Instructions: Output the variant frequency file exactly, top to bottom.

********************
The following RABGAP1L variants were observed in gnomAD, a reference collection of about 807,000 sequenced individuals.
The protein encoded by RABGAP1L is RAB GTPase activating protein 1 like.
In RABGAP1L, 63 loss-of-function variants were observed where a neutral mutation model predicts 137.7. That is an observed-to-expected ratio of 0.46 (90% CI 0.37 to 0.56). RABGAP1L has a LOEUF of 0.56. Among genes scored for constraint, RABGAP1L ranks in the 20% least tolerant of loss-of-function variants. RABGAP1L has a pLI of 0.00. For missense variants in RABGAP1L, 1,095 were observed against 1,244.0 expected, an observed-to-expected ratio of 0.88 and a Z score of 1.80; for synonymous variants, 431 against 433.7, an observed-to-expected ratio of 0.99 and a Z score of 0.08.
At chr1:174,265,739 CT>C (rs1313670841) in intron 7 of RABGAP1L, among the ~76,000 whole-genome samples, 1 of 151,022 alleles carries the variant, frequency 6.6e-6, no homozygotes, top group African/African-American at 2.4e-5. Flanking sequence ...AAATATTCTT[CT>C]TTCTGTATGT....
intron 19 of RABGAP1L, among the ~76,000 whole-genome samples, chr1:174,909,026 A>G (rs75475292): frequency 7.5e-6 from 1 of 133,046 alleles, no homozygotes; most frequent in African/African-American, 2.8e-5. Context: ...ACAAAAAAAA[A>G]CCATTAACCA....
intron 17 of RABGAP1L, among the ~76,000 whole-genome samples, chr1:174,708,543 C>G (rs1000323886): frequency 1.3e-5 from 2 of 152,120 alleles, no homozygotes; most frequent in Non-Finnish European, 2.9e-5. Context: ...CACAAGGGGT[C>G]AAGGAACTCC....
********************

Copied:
The following RABGAP1L variants were observed in gnomAD, a reference collection of about 807,000 sequenced individuals.
The protein encoded by RABGAP1L is RAB GTPase activating protein 1 like.
In RABGAP1L, 63 loss-of-function variants were observed where a neutral mutation model predicts 137.7. That is an observed-to-expected ratio of 0.46 (90% CI 0.37 to 0.56). RABGAP1L has a LOEUF of 0.56. Among genes scored for constraint, RABGAP1L ranks in the 20% least tolerant of loss-of-function variants. RABGAP1L has a pLI of 0.00. For missense variants in RABGAP1L, 1,095 were observed against 1,244.0 expected, an observed-to-expected ratio of 0.88 and a Z score of 1.80; for synonymous variants, 431 against 433.7, an observed-to-expected ratio of 0.99 and a Z score of 0.08.
At chr1:174,265,739 CT>C (rs1313670841) in intron 7 of RABGAP1L, among the ~76,000 whole-genome samples, 1 of 151,022 alleles carries the variant, frequency 6.6e-6, no homozygotes, top group African/African-American at 2.4e-5. Flanking sequence ...AAATATTCTT[CT>C]TTCTGTATGT....
intron 19 of RABGAP1L, among the ~76,000 whole-genome samples, chr1:174,909,026 A>G (rs75475292): frequency 7.5e-6 from 1 of 133,046 alleles, no homozygotes; most frequent in African/African-American, 2.8e-5. Context: ...ACAAAAAAAA[A>G]CCATTAACCA....
intron 17 of RABGAP1L, among the ~76,000 whole-genome samples, chr1:174,708,543 C>G (rs1000323886): frequency 1.3e-5 from 2 of 152,120 alleles, no homozygotes; most frequent in Non-Finnish European, 2.9e-5. Context: ...CACAAGGGGT[C>G]AAGGAACTCC....